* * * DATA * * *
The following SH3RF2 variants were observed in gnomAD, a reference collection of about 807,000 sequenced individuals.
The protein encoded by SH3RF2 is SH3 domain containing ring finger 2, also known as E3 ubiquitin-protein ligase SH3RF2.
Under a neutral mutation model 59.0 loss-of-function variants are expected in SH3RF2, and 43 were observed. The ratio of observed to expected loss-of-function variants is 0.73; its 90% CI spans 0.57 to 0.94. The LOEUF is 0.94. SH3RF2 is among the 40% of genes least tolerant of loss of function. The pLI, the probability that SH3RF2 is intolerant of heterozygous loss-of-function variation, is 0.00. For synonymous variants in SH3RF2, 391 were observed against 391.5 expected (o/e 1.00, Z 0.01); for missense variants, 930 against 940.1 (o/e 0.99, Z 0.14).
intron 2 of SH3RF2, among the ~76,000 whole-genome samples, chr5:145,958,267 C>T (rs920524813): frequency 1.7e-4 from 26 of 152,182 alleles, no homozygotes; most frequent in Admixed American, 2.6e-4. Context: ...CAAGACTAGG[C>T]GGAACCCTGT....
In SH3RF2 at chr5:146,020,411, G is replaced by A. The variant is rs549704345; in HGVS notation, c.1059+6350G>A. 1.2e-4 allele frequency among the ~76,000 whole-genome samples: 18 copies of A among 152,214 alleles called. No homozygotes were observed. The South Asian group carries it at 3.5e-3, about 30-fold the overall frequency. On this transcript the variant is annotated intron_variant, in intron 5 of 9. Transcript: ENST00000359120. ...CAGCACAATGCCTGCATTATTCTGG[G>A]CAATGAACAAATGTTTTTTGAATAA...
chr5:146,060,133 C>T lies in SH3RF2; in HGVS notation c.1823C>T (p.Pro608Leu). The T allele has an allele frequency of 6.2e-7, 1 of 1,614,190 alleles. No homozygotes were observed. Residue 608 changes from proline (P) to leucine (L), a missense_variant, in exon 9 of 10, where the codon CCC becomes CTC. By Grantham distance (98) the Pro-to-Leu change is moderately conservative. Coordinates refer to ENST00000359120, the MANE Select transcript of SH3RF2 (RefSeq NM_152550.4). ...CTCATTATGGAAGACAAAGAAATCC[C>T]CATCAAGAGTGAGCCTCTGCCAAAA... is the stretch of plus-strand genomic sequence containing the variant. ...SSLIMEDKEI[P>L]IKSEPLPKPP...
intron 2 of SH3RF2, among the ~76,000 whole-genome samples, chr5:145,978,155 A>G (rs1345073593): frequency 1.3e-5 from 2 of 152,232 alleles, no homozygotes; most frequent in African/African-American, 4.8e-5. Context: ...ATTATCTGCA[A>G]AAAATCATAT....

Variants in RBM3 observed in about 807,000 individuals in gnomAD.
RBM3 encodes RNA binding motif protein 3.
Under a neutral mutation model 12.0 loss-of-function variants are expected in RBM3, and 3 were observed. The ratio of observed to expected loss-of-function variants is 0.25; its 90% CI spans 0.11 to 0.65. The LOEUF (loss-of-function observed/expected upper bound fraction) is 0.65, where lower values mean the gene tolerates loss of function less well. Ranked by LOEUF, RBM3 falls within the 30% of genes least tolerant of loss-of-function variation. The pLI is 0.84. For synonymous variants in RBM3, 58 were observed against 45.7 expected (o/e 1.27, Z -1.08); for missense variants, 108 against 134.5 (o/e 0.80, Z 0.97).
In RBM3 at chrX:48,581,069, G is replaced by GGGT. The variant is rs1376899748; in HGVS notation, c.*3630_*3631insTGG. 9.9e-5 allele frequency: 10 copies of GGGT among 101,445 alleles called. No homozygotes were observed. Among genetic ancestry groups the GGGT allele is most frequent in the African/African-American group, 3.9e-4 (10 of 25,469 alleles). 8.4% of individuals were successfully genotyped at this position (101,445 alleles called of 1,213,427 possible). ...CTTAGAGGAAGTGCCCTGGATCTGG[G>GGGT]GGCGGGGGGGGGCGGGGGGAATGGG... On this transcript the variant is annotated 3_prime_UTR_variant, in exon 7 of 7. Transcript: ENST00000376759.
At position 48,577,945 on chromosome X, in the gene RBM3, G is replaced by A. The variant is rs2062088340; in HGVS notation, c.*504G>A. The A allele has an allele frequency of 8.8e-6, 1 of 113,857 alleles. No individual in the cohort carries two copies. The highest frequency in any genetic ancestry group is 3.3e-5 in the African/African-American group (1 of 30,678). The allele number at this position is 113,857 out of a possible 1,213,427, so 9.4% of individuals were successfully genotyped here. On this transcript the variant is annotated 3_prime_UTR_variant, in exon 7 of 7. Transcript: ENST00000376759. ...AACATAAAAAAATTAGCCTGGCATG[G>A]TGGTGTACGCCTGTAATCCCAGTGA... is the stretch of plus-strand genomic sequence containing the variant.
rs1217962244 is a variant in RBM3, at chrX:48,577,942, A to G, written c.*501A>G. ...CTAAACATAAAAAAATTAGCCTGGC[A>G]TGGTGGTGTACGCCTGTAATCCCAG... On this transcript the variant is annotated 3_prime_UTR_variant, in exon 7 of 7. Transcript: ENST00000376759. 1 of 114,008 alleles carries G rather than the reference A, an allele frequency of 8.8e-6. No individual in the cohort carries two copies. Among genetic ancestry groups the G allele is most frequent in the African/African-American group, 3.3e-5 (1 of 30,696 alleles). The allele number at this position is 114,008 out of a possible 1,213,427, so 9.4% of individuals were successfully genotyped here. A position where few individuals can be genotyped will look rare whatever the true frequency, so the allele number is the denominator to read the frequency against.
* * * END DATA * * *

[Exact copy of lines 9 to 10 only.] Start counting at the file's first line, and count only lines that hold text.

RBM3 encodes RNA binding motif protein 3.
Under a neutral mutation model 12.0 loss-of-function variants are expected in RBM3, and 3 were observed. The ratio of observed to expected loss-of-function variants is 0.25; its 90% CI spans 0.11 to 0.65. The LOEUF (loss-of-function observed/expected upper bound fraction) is 0.65, where lower values mean the gene tolerates loss of function less well. Ranked by LOEUF, RBM3 falls within the 30% of genes least tolerant of loss-of-function variation. The pLI is 0.84. For synonymous variants in RBM3, 58 were observed against 45.7 expected (o/e 1.27, Z -1.08); for missense variants, 108 against 134.5 (o/e 0.80, Z 0.97).